How does power quality affect AV systems?

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Power quality in low-voltage distribution isn’t going to get better. Phil Kreveld outlines the issues for AV systems.

Younger teenagers who, by some miracle, have not subjected themselves to headphones blasting at 100dB for long periods can generally hear sounds up to 20kHz.

For the rest of us, the upper frequency limit has steadily decreased over time, just like visual acuity.

When we consider the influence of the 24/7 electromagnetic ‘soup’ we are immersed in – and its effects on hi-fi equipment or TV image and colour clarity – it is a highly subjective area.

As for the radiated and conducted electromagnetic soup, a price must be paid for removing its unwanted effects on AV equipment, and therefore in judging the value of screening measures.

In the end that judgment is also subjective.

However, the effects of filters, chokes, capacitors, transformers, ferrites and grounding techniques in our entertainment systems can be judged via physical measurements.

Any changes in dynamic range, frequency and phase response – and the human ability to perceive them ­– will determine customer satisfaction with those devices and components.


Clean AC power

Quality sound and image reproduction should start with mains power that is free of everything except the basic 50Hz perfect sinewave constant AC voltage.

Thereafter there are earthing features and internal power supplies that might interfere.

External factors also come into play. These include switch-mode power supplies for high-efficiency lighting, electronic ballasts, phase-controlled dimmers and even those ubiquitous ‘wall warts’ charging our portable devices.

Without ensuring at least minimal interference to reproduction quality from external devices we could be tying one hand behind our backs.

However, clean AC power as defined above is a myth. If it ever existed it would have been in the time of Charles Proteus Steinmetz, the father of AC engineering, at the turn of the 19th century.

Modern power distribution has to contend with automatic tap changers at substations, switched capacitor var compensators, flicker due to high inrush current loads, harmonics from rooftop solar power inverters and, at times, from switching transients due to reclosers.

Many bits of apparatus connected to the low-voltage distribution network can put up with these practicalities, but for quality AV equipment it is sensible to clean up our act AC-wise.

Figure 1

Figure 1

Toroidal isolation transformers

The obvious place to start is with an isolation transformer to feed our amps, etc.

Unsurprisingly, there are great differences in the real-life embodiment of these devices.

We focus here on toroidal transformers. As the name implies, they have an annular core around which the primary and secondary windings are placed. By contrast, the other forms of isolation transformers employ U-I, E-I and other rectangular shapes.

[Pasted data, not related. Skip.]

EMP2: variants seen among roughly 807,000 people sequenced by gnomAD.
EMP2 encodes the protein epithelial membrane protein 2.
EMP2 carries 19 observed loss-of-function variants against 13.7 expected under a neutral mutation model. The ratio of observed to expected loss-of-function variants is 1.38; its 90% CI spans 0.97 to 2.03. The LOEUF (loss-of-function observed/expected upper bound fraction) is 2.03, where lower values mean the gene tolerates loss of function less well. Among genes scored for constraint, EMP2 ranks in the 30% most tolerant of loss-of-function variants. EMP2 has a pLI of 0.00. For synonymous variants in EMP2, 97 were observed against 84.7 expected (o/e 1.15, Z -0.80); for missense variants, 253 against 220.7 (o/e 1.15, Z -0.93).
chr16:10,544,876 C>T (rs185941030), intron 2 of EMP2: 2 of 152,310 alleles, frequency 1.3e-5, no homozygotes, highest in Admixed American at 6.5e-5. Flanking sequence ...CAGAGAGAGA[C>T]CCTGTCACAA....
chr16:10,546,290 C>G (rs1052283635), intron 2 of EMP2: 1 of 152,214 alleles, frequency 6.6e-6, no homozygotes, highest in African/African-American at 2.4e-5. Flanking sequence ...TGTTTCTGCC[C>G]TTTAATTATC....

The big deal about the toroidal transformer core is the absence of core lamination junctions. In ‘run of the mill’ cores, heat and acoustic noise are produced at these junctions.

The principal source of acoustic noise for many transformers is the magneto-striction effect, whereby the individual magnetic domains of the core material are elongated and relaxed alternately by the alternating magnetic flux, producing that irritating 100Hz hum.

In the rolling operations of magnetic core material, the individual magnetic domains (the tiny proto-magnets) are aligned.

When the magnetic flux induced by the coils is in the same direction (zero degrees, as shown in Figure 1), magneto-striction effects are minimised. When the flux is at 90°, as happens in lapped transformer joints, the effects are at a maximum.

It is now readily grasped that the beauty of the toroidal transformer core is the virtually complete alignment throughout the core. It is basically a joint-less continuous strip of core material that’s insulated and wound upon itself.

Diminishing magneto-striction noise is a big advantage, as generally the AV equipment will be close to the isolation transformer.

For pedants, there is still another noise source – the so called Lorentz force effect due to eddy current – but the usual measures taken for sound containment can render this inaudible.

Figure 2

Figure 2

Toroidal transformers as ‘noise’ filters

But there’s more to toroidal transformers – controllable leakage inductance.

Leakage inductance is caused by the interaction of magnetic flux outside the core ‘cutting’ some primary coil winding turns. It can also be a nuisance because it adds impedance to the primary circuit, thereby causing voltage regulation under changing power requirements.

This is generally the case for power transformers.

For an isolation transformer supplying a constant load, leakage inductance can act a low-pass filter, letting through the 50Hz fundamental voltage and basically stopping everything else.

As mentioned, distribution voltage contains a good portion of ‘rubbish’.

Harmonics are generally odd, as evens imply the presence of DC. (Some DC can be present near photovoltaic solar installations.)

There are also inter-harmonics with higher frequencies into the 25kHz region, as well as flicker. The latter, due to switching transients, exhibits very fast rise times, and therefore a very wide frequency spectrum towards 100kHz and higher.